After breakfast, you can get into the real holiday foods.
Sugar cookies, in your favorite holiday shapes. This depends, largely, on your taste. If the sweetness in sugar cookies are your thing, you might try a sweet cream stout pairing sugar and sugar, and ultimately giving you a chocolaty flavor that traditional sugar cookies lack. You might also try a nice malty English mild ale for the addition of nice caramelly, malty finish to your cookie experience.
Gingerbread cookies The molasses in a gingerbread cookie is one of the things that makes it so distinct as a cookie, giving each little gingerbread-person a sassy life of their own. Porters and brown ales are the perfect compliment. They can add a dark toasty flavor to the rich molasses in the cookie, without contributing too much roasted bitterness to overwhelm what you're ultimately going for: a freakin' cookie, please.
Fruitcake It's true. Some people eat fruitcake, the pimento-loaf of holiday treats. I've done it, myself, while under duress. It happens, occasionally, that some old fruitbat of a relative can surface with one of these relics and force it upon you. "Try it!" they might say, "I made it in 1937, and it's still great!" Fortunately, there's a beer that can make this experience downright pleasant. Dark abbey ale -- a dubbel. You'll find traditional Belgian examples in Rochefort, St. Bernardus, or Chimay Bleu. American examples are easy to find from Allagash, Ommegang, or a suite of others. Three things work to your advantage here: 1) The flavors in a dubbel often evoke chocolate, plums, figs, or dates, all of which do well to actually make the little red and green bits in fruitcake taste like a real fruit. 2) The yeast used to make many dubbels can leave strong spicy flavors -- you can get clove and even pepper from some of them. These compliment and may even disguise the over-bearing spiciness of your average fruitcake. 3) Many, nay most, dubbels have a much higher alcohol content than your normal beer, this makes the pain of the fruitcake short-lived.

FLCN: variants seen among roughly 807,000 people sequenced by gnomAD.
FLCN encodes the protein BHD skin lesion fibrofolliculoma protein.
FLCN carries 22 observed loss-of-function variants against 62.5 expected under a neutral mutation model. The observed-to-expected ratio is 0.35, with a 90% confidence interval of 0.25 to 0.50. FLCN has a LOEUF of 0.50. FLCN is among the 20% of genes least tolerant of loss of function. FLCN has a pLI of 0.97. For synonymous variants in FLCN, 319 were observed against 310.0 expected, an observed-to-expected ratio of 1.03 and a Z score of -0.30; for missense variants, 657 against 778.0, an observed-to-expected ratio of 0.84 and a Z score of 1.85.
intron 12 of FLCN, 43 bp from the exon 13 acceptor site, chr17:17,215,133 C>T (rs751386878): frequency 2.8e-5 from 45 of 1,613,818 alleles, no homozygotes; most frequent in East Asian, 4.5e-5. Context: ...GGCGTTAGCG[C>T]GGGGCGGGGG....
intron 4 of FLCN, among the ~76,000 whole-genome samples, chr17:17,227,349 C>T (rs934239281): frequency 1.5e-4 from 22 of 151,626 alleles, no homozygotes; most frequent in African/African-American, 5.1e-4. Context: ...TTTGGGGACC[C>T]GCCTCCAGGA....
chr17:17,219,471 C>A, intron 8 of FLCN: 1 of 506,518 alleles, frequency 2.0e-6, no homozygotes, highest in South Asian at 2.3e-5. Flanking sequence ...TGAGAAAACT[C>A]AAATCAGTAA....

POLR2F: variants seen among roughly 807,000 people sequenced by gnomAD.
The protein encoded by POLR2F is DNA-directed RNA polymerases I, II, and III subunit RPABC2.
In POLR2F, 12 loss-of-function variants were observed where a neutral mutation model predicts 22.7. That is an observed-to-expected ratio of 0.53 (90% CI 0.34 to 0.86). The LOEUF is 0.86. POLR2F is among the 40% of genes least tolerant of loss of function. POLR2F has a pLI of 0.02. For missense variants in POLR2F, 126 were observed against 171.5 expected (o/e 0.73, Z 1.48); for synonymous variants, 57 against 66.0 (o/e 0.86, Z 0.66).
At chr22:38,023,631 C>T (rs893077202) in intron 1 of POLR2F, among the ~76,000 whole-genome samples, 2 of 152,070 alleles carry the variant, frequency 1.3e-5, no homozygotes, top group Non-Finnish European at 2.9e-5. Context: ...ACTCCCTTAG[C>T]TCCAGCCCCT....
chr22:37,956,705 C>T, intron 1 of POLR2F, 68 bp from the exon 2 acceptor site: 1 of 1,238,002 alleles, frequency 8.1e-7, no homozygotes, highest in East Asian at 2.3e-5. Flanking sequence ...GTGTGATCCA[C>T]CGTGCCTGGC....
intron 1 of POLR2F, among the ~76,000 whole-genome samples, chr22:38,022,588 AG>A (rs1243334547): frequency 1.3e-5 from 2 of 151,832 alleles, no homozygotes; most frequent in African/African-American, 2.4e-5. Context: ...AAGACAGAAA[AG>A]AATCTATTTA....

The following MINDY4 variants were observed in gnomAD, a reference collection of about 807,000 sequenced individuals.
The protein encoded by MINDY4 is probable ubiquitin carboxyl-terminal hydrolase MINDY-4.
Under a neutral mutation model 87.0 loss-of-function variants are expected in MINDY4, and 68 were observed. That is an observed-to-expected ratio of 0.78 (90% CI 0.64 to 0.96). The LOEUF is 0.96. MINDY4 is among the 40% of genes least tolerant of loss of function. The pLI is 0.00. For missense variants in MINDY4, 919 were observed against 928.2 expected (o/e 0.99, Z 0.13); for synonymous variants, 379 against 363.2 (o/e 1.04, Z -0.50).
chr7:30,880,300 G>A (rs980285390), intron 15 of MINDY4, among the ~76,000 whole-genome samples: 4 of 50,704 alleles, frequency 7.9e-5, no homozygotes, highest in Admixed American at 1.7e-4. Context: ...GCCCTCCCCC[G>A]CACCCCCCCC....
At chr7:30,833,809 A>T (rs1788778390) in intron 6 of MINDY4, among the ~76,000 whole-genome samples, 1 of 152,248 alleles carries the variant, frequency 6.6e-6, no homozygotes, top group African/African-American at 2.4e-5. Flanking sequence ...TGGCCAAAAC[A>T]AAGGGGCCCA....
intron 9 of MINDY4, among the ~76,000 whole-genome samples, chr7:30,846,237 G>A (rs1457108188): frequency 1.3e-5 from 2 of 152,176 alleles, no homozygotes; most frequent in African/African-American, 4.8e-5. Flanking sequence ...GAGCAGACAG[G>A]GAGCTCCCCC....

Pie I like pie. Who doesn't like pie? Fruit pies are one of the truly wonderful foods of holiday dinners. A la mode or sans la mode, you've got the wonderful combination of a ultra-sweet fruit flavor contrasted against dry, flaky, crusty goodness. Any nice malty beer would compliment wonderfully, but to try a contrast, you might try an ESB -- the hops balance out against the sweetness of the fruit and the creaminess of any ice cream you might have heaped on top. The caramel maltiness of an ESB would compliment a well-made pie crust beautifully.
Of course, these are starting points. There's a beer to go with everything. Challah, latkes, sweet potato pie, pumpkin cake, leftover turkey, those green beans with the almonds in them, whatever. It's about combining flavors that taste good together. It doesn't take any more than a little bit of imagination.
You can read more about pairing beer and food at beerandturkey.org and in The Best of American Food and Beer by Lucy Saunders and The Brewmaster's Table: Discovering the Pleasures of Real Beer with Real Food by Garret Oliver, brewmaster of the Brooklyn Brewery.
IF YOU LIKED THIS COLUMN...
12.17.07 @ 7:13a
I know you said you don't want the overhead and b.s. of a restaurant and just want a brewery, but DUDE! Seriously! This is fantastic!
12.17.07 @ 10:31a
You could sell eggs, pie, fruitcake, and beer!
12.19.07 @ 6:13p
You're my new hero when it comes to beer.
I will certainly try these combinations.
12.20.07 @ 11:04a
Then my work is done here.